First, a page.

Wednesday, July 14, 2010

Berries and More

The mulberries on the mulberry trees are dwindling now... fewer and fewer berries each day.  But what a feast it has been for the past month and a half!  I've never seen so many mulberries... and the birds love them so... as do some of the dogs!  They actually 'graze' around the base of the trees and happily munch fallen berries.  Such economy in nature.  And I notice that the birds always leave a few within easy reach every day, so I can enjoy them too. 

Blackberries have been in full swing for a couple of weeks now.  I've made endless pies and crisps for family and friends.  And my ever-bearing strawberries are now yielding again.  Such abundance!  There are always a few blackberries with holes in them from bird beaks... I leave those for the birds to finish.  And I always leave the low-hanging ones for smaller creatures.  In the strawberry patch, turtles and mice feast along with a giant preying mantis who patrols the plants like a guardian angel, looking for smaller bugs to feast on.  The birds pretty much leave the strawberries alone, preferring the wild blackberries and mulberries that are everywhere.

Why all this berry talk?  Besides the fact that I have been picking berries everyday and have them on the brain?  Well, the berry patches and mulberry trees here in Sanctuary provide a huge lesson in how the world really works.  Wall Street may think world markets thrive on competition and self-centeredness... but I can see that this is a distortion of how the world works, based on the belief that there is a limited supply, and that we have to take all we can before it's gone.  Like we view fossil fuels, or a real estate boom, or any other economic opportunity in our world... it's take, take, take... eat or be eaten.

Actually, there is a natural rhythm and sharing, if we step back and observe.  There is plenty for everybody, including the rodents and insect pests (the ones that make it past the preying mantis!).  I never spray, I never cover anything with nets, and there is always abundance and balance.  All my neighbors (the ones who protect their gardens and spray everything in sight for insects) have been complaining about grackles and Japanese beetles.  But though there may be a few here and there, they don't really diminish the abundance of berries (or any other vegetable).  Even my roses look good, in spite of the fact that Japanese beetles love to munch their blooms. 

Could it really be so simple?  Could it be that if we respect and embrace all of life, and go with the flow of life instead of battling it, that we are actually included in the abundance and sharing that goes on effortlessly?  Could it be that if we look with larger eyes, the eyes of the large Self that Deep Ecologist Arne Naess wrote about, then we come to know our Self as part of the whole?

According to Naess, every living being, whether human, animal, or vegetable (including fruits!) has a vital and equal need and right to live and grow and blossom.  And it is only when we yield to the flow of the large Self that we (and all of life) experience ourselves as a natural part of the whole, in a natural rhythm and harmony.

Life in Sanctuary is not just altruism.  It's by living in the flow and harmony of life that we return to sanity and oneness.  Loving the plants and animals and people, loving the changing and ever-flowing abundance and variety of life is as necessary and vital to our planetary well-being as economics.  Berries and more berries... that's the way of life well-lived.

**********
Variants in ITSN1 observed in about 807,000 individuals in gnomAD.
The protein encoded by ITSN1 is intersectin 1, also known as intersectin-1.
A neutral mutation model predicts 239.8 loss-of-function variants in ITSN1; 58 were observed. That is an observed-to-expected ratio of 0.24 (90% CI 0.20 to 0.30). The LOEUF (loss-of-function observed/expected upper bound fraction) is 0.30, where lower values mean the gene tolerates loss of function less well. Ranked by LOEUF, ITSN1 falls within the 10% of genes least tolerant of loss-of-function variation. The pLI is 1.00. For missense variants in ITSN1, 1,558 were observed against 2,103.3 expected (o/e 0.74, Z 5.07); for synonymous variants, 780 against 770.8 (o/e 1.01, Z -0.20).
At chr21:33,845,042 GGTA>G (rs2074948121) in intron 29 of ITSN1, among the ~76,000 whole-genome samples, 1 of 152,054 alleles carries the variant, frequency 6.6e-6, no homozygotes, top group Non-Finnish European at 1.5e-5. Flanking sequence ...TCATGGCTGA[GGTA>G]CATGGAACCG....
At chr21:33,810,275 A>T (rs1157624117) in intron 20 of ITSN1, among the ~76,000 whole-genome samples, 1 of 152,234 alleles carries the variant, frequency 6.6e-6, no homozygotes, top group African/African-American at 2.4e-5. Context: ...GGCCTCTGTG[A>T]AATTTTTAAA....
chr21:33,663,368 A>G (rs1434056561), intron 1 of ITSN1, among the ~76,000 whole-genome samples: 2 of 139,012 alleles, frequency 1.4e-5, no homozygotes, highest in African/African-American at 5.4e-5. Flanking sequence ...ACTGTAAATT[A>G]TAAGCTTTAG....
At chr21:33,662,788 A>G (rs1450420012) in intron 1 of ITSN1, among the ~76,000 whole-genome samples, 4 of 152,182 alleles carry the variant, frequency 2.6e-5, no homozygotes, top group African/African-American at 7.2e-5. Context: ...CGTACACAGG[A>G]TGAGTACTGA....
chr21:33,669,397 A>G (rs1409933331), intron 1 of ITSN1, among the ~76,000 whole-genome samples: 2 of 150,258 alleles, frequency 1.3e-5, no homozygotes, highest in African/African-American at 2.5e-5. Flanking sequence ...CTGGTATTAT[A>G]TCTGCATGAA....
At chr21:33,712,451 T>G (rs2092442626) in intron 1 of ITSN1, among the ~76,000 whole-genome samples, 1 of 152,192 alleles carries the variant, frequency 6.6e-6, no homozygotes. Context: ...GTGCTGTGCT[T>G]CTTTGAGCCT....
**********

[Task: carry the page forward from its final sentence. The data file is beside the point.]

Monday, July 12, 2010

Letting Go...

Life in Sanctuary is a microcosm for the rest of the world.  Animals come here to live in safety and harmony, in as close to a natural setting as possible.  We are a family here, and like all families we have to learn to let go.

Sometimes it's a mother cat, learning to let go of her kittens, as one of them dies, or as they learn to fend for themselves, or as I take them to be spayed or neutered.  Sometimes it's one of the older animals passing on, in the natural rhythm of forms that come and go.  Sometimes it's watching the 200 year old elm tree lose more branches each year, as it gracefully yields itself to the earth.  And sometimes it's counseling pet owners who can no longer keep their animals, and are struggling with letting go.  I have to let go of wanting to rescue, and simply be with them in the natural rhythm of their life choices.  I have to trust that there is an order to things, and that whatever happens, it all works for good. 

I remember the first time I really understood the wisdom of animals.  I was very young, and my grandfather was aggravated at a cat.  He was unfailingly kind to animals, but this cat got into the milk while he was milking a cow.  So he picked her up and tossed her away.  She landed gracefully, and sat and gazed at him, blinking to show non-aggression.  She didn't hold it against him.  Animals naturally let go from one minute to the next, naturally trusting the organic flow of life, even when it appears cruel.  Nothing is what it appears.  Life is unfailingly kind, unfailingly giving, unfailingly flowing and renewing if we can learn the art of letting go.  This cat sat patiently, completely unfazed, letting go and trusting the situation.  And when he was done milking, grandpa gave her a big dish of cream. :-)

Life is like that.  And offering Sanctuary to animals has given me this gift, something I didn't learn from my family, who never let go of anything or anyone!  To my surprise, I find that all true joy comes from this relaxed awareness and trust, even in the face of challenges.  The flow of life naturally takes us back to joy when we learn the art of letting go...